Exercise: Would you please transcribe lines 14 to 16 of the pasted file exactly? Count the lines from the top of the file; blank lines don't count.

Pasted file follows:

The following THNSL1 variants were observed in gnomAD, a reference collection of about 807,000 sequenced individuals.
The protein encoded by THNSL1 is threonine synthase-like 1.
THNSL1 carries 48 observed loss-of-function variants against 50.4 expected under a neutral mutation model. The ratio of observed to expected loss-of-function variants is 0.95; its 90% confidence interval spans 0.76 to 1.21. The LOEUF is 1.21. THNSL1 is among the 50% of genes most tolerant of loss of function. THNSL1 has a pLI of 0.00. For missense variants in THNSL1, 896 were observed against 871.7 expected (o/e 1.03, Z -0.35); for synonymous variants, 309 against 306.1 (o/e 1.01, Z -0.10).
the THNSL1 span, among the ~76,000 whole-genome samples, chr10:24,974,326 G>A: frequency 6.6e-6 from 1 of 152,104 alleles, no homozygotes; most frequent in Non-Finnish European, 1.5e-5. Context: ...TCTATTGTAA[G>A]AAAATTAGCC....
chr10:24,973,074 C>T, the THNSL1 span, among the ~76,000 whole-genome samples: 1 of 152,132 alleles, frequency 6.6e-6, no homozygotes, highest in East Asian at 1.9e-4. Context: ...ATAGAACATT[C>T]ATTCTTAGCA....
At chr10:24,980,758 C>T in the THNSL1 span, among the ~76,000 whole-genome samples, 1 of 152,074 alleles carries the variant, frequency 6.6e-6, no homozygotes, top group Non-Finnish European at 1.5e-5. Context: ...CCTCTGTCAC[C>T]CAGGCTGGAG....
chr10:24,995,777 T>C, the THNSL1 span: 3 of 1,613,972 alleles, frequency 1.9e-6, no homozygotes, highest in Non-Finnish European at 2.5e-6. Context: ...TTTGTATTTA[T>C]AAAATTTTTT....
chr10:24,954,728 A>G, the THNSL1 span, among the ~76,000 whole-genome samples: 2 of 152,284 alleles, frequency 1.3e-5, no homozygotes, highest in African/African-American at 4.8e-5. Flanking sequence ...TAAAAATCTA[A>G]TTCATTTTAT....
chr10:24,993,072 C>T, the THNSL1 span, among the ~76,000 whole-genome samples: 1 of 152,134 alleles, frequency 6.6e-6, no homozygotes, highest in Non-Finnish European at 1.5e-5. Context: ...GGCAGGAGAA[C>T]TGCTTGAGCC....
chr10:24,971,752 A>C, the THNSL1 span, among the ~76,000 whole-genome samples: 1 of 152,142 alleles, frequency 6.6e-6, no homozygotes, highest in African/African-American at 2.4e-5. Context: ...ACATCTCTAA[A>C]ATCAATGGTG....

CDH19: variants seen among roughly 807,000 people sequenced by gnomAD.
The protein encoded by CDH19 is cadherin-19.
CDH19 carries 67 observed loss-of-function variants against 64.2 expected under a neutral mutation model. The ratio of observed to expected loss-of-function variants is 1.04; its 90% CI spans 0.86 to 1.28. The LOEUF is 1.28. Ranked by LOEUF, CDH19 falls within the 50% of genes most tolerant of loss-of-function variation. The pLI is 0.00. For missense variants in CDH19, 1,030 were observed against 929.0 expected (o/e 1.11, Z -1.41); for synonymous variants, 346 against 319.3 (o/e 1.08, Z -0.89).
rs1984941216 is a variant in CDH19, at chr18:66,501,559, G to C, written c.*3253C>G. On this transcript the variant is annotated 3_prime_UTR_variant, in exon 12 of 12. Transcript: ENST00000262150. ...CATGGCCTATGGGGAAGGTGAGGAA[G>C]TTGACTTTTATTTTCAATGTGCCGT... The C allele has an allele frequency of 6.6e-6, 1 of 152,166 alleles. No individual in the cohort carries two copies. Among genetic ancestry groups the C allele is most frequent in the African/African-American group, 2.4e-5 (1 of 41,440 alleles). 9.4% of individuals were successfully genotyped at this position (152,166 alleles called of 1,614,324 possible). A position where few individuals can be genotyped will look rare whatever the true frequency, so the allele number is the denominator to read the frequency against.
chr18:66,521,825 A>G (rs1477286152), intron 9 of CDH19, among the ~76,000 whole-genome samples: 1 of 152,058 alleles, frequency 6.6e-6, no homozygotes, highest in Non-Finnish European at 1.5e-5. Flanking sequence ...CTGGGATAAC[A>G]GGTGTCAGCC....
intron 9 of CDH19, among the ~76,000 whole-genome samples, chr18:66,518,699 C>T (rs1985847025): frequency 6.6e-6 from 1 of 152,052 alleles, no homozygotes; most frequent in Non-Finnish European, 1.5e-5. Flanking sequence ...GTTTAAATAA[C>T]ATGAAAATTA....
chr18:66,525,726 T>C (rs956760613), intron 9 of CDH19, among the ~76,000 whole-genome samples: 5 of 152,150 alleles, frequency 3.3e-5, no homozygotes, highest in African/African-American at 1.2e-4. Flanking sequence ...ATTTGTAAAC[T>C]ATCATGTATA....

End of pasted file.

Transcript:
rs1984941216 is a variant in CDH19, at chr18:66,501,559, G to C, written c.*3253C>G. On this transcript the variant is annotated 3_prime_UTR_variant, in exon 12 of 12. Transcript: ENST00000262150. ...CATGGCCTATGGGGAAGGTGAGGAA[G>C]TTGACTTTTATTTTCAATGTGCCGT... The C allele has an allele frequency of 6.6e-6, 1 of 152,166 alleles. No individual in the cohort carries two copies. Among genetic ancestry groups the C allele is most frequent in the African/African-American group, 2.4e-5 (1 of 41,440 alleles). 9.4% of individuals were successfully genotyped at this position (152,166 alleles called of 1,614,324 possible). A position where few individuals can be genotyped will look rare whatever the true frequency, so the allele number is the denominator to read the frequency against.
chr18:66,521,825 A>G (rs1477286152), intron 9 of CDH19, among the ~76,000 whole-genome samples: 1 of 152,058 alleles, frequency 6.6e-6, no homozygotes, highest in Non-Finnish European at 1.5e-5. Flanking sequence ...CTGGGATAAC[A>G]GGTGTCAGCC....
intron 9 of CDH19, among the ~76,000 whole-genome samples, chr18:66,518,699 C>T (rs1985847025): frequency 6.6e-6 from 1 of 152,052 alleles, no homozygotes; most frequent in Non-Finnish European, 1.5e-5. Flanking sequence ...GTTTAAATAA[C>T]ATGAAAATTA....